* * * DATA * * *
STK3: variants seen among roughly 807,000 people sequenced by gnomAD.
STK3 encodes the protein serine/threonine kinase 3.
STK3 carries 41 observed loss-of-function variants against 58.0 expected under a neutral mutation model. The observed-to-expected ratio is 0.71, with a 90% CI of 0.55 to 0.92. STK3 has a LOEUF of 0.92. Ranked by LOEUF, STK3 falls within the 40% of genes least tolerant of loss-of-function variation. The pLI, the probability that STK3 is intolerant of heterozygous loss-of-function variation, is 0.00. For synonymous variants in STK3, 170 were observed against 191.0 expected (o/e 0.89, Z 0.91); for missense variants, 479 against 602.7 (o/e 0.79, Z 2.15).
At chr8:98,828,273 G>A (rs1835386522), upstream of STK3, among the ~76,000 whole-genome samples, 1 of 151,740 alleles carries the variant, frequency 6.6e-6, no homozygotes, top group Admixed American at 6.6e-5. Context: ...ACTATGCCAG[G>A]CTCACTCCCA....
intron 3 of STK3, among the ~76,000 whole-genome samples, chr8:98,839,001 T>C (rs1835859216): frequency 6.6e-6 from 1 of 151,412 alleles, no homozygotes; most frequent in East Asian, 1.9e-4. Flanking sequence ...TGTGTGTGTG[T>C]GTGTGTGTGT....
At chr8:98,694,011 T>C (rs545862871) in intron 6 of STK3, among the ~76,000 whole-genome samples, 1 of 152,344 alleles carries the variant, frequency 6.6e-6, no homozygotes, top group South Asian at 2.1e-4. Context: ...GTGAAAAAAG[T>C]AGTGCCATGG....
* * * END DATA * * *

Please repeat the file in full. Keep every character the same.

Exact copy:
STK3: variants seen among roughly 807,000 people sequenced by gnomAD.
STK3 encodes the protein serine/threonine kinase 3.
STK3 carries 41 observed loss-of-function variants against 58.0 expected under a neutral mutation model. The observed-to-expected ratio is 0.71, with a 90% CI of 0.55 to 0.92. STK3 has a LOEUF of 0.92. Ranked by LOEUF, STK3 falls within the 40% of genes least tolerant of loss-of-function variation. The pLI, the probability that STK3 is intolerant of heterozygous loss-of-function variation, is 0.00. For synonymous variants in STK3, 170 were observed against 191.0 expected (o/e 0.89, Z 0.91); for missense variants, 479 against 602.7 (o/e 0.79, Z 2.15).
At chr8:98,828,273 G>A (rs1835386522), upstream of STK3, among the ~76,000 whole-genome samples, 1 of 151,740 alleles carries the variant, frequency 6.6e-6, no homozygotes, top group Admixed American at 6.6e-5. Context: ...ACTATGCCAG[G>A]CTCACTCCCA....
intron 3 of STK3, among the ~76,000 whole-genome samples, chr8:98,839,001 T>C (rs1835859216): frequency 6.6e-6 from 1 of 151,412 alleles, no homozygotes; most frequent in East Asian, 1.9e-4. Flanking sequence ...TGTGTGTGTG[T>C]GTGTGTGTGT....
At chr8:98,694,011 T>C (rs545862871) in intron 6 of STK3, among the ~76,000 whole-genome samples, 1 of 152,344 alleles carries the variant, frequency 6.6e-6, no homozygotes, top group South Asian at 2.1e-4. Context: ...GTGAAAAAAG[T>C]AGTGCCATGG....